Not exactly to Gunsmoke’s Dodge City or Bonanza’s Ponderosa Ranch, but to the home of the Alamo, San Antonio, where for 10 years he held an array of appointments at the University of Texas. These included assistant and associate professorships in orthopaedics and mechanical engineering and directorship of the Musculoskeletal Bioengineering Center.

He spent another 10 years in Texas — at Rice University — before coming to Davis in August.

Engineering cartilage

About half of Athanasiou’s research group accompanied him in the move from Rice: one senior scientist, two postdoctoral fellows and six Ph.D. students. One of the group’s principal focuses is the regeneration and repair of cartilage.

Padding the ends of joints that are constantly being exercised, such as knees, shoulders, jaws and feet, cartilage is a tissue that is central to our quality of life. Yet it is one of the very rare tissues that lacks the ability to heal itself. When damaged by injury, or degenerated by osteoarthritis, the effects can be long-lasting and devastating.

“If I cut a tiny line on articular cartilage (the cartilage that covers the surfaces of bones at joints), it will never be erased,” Athanasiou said. “It’s like writing on the moon. If I go back to look at it a year later, it will look exactly the same.”

Work that he and his group started in the early 1990s has resulted in the only FDA-approved products for treatment of small lesions on articular cartilage. (In total, Athanaisou’s patents have resulted in 15 FDA-approved products.) But bigger things are in store.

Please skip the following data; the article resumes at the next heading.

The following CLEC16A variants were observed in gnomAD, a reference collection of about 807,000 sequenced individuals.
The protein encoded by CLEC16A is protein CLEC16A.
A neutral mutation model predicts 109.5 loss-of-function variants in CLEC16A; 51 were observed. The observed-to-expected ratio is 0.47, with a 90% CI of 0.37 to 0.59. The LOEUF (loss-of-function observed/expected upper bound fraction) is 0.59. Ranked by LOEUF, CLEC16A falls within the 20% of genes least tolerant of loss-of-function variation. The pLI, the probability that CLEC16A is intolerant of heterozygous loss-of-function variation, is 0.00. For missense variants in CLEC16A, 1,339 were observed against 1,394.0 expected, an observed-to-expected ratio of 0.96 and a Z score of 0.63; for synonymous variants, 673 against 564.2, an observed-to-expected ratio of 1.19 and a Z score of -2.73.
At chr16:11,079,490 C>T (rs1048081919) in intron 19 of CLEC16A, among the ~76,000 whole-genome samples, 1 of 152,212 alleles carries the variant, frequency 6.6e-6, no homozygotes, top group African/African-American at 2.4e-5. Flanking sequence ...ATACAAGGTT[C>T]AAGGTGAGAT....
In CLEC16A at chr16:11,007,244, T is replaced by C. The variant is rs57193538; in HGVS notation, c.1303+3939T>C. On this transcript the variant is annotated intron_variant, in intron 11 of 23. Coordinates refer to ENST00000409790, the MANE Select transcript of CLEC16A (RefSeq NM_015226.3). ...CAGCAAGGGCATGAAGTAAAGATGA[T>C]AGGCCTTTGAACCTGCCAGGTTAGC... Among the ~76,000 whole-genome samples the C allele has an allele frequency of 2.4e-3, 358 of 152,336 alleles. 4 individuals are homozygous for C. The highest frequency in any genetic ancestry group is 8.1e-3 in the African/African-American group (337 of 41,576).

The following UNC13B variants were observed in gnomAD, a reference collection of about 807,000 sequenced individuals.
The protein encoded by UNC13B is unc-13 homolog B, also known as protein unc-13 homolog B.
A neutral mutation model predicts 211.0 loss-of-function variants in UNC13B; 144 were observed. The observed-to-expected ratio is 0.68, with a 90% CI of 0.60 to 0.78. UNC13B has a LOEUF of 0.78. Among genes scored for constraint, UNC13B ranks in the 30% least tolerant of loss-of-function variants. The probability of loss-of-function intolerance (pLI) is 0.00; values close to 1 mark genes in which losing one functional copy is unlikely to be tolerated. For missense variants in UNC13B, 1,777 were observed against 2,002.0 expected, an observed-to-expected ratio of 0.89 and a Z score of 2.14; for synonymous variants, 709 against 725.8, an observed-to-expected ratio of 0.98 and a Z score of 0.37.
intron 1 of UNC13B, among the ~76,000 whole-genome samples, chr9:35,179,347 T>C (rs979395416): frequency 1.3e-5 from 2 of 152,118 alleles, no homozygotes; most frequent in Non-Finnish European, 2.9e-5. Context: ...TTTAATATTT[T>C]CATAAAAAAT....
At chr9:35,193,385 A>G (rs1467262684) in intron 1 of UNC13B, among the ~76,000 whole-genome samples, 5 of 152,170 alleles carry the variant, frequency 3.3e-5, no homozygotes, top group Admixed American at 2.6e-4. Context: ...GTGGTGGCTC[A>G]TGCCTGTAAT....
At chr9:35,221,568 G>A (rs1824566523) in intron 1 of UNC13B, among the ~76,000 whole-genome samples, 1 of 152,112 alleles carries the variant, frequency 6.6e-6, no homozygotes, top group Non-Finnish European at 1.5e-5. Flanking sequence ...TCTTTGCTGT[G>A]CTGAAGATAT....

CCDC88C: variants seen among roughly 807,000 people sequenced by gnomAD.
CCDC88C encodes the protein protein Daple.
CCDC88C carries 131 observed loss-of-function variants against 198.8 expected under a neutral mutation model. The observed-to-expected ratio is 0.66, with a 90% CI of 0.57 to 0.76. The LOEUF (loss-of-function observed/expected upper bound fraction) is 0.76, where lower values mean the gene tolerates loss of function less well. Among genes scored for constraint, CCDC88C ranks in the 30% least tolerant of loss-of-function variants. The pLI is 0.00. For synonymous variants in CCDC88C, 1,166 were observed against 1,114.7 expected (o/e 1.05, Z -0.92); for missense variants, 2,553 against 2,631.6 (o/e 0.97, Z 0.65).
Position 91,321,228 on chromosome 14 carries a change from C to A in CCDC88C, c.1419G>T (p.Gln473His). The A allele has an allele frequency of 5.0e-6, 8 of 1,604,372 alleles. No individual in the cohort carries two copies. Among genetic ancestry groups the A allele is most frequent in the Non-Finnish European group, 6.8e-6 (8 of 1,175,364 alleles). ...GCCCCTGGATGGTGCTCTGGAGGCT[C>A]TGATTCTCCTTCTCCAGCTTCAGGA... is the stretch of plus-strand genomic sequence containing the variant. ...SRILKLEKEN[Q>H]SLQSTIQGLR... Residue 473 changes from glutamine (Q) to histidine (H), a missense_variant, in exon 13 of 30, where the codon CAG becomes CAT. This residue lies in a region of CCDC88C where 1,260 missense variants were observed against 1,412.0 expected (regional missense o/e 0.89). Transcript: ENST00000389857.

“We are now in a position to engineer cartilage in the laboratory,” Athanasiou explained. “This will be live, biological cartilage that will not only fill defects, but will potentially be able to resurface the entire surface of joints that have been destroyed by osteoarthritis.”

Starting with stem cells, including adult stem cells from bone marrow and skin as well as human embryonic stem cells, Athanasiou and his group have already engineered the tissue in the lab. Now they are experimenting with various chemical and mechanical stimuli to improve its properties.

Currently, joint replacements using metal and plastic prosthetics are the only recourse for the one in five adults who will suffer major joint damage from osteoarthritis. “But when we can talk about resurfacing the entire surface of the joint with new cartilage,” Athanasiou said, “that is huge.”

Greek olives

After nearly 30 years in the U.S., Athanasiou still maintains close ties to Greece. He and his wife, Kiley, are raising their two sons, Aristos and Thasos, bilingually and they own a house and nearly six acres of 200-year-old olive trees on the Pelion peninsula on the country’s Aegean coast.

Kiley — who learned Greek from listening to her husband speak it with their sons and from the year the family spent in Greece in 2006 — travels to Greece each year to oversee the olive harvest and pressing. She will be putting her experience, along with her M.B.A. in international business, to work as an assistant director at the Mondavi Institute’s Olive Center.

“What she has said so far is that the olive oil here is good,” Athanasiou said, “and she hopes that she will help in it becoming the best olive oil possible.”
 

Media contact(s)

Clifton B. Parker, Dateline, (530) 752-1932, cparker@ucdavis.edu